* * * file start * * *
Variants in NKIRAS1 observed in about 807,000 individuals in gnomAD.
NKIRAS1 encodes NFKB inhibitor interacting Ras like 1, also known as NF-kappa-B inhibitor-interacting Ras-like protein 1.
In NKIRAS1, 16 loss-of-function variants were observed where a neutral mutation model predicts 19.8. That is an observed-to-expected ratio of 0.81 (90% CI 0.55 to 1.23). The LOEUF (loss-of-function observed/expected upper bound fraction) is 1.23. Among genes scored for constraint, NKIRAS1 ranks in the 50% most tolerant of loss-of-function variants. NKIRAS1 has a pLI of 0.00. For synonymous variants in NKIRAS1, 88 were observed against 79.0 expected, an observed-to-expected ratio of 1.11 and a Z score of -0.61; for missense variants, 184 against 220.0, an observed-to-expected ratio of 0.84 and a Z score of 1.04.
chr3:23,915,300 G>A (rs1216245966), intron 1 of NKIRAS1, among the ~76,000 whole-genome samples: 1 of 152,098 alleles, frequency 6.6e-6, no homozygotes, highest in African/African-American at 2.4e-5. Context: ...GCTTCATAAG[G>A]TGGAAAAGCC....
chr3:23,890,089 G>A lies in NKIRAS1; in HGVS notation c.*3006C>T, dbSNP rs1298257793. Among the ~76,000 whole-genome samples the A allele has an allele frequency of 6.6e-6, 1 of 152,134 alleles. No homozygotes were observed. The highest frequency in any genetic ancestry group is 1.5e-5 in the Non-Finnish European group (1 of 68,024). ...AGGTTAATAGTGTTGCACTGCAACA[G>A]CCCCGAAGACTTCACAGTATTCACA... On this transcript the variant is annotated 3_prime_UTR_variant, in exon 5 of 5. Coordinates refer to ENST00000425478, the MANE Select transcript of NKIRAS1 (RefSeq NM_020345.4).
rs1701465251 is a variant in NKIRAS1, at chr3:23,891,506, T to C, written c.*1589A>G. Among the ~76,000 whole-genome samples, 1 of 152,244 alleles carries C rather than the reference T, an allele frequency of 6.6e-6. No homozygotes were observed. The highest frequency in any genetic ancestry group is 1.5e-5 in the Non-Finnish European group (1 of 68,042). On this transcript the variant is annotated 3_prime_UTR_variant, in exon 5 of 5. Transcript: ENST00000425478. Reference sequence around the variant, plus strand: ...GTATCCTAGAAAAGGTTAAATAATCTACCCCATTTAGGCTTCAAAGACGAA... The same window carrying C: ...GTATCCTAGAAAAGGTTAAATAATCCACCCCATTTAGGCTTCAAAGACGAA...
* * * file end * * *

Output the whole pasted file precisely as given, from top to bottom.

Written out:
Variants in NKIRAS1 observed in about 807,000 individuals in gnomAD.
NKIRAS1 encodes NFKB inhibitor interacting Ras like 1, also known as NF-kappa-B inhibitor-interacting Ras-like protein 1.
In NKIRAS1, 16 loss-of-function variants were observed where a neutral mutation model predicts 19.8. That is an observed-to-expected ratio of 0.81 (90% CI 0.55 to 1.23). The LOEUF (loss-of-function observed/expected upper bound fraction) is 1.23. Among genes scored for constraint, NKIRAS1 ranks in the 50% most tolerant of loss-of-function variants. NKIRAS1 has a pLI of 0.00. For synonymous variants in NKIRAS1, 88 were observed against 79.0 expected, an observed-to-expected ratio of 1.11 and a Z score of -0.61; for missense variants, 184 against 220.0, an observed-to-expected ratio of 0.84 and a Z score of 1.04.
chr3:23,915,300 G>A (rs1216245966), intron 1 of NKIRAS1, among the ~76,000 whole-genome samples: 1 of 152,098 alleles, frequency 6.6e-6, no homozygotes, highest in African/African-American at 2.4e-5. Context: ...GCTTCATAAG[G>A]TGGAAAAGCC....
chr3:23,890,089 G>A lies in NKIRAS1; in HGVS notation c.*3006C>T, dbSNP rs1298257793. Among the ~76,000 whole-genome samples the A allele has an allele frequency of 6.6e-6, 1 of 152,134 alleles. No homozygotes were observed. The highest frequency in any genetic ancestry group is 1.5e-5 in the Non-Finnish European group (1 of 68,024). ...AGGTTAATAGTGTTGCACTGCAACA[G>A]CCCCGAAGACTTCACAGTATTCACA... On this transcript the variant is annotated 3_prime_UTR_variant, in exon 5 of 5. Coordinates refer to ENST00000425478, the MANE Select transcript of NKIRAS1 (RefSeq NM_020345.4).
rs1701465251 is a variant in NKIRAS1, at chr3:23,891,506, T to C, written c.*1589A>G. Among the ~76,000 whole-genome samples, 1 of 152,244 alleles carries C rather than the reference T, an allele frequency of 6.6e-6. No homozygotes were observed. The highest frequency in any genetic ancestry group is 1.5e-5 in the Non-Finnish European group (1 of 68,042). On this transcript the variant is annotated 3_prime_UTR_variant, in exon 5 of 5. Transcript: ENST00000425478. Reference sequence around the variant, plus strand: ...GTATCCTAGAAAAGGTTAAATAATCTACCCCATTTAGGCTTCAAAGACGAA... The same window carrying C: ...GTATCCTAGAAAAGGTTAAATAATCCACCCCATTTAGGCTTCAAAGACGAA...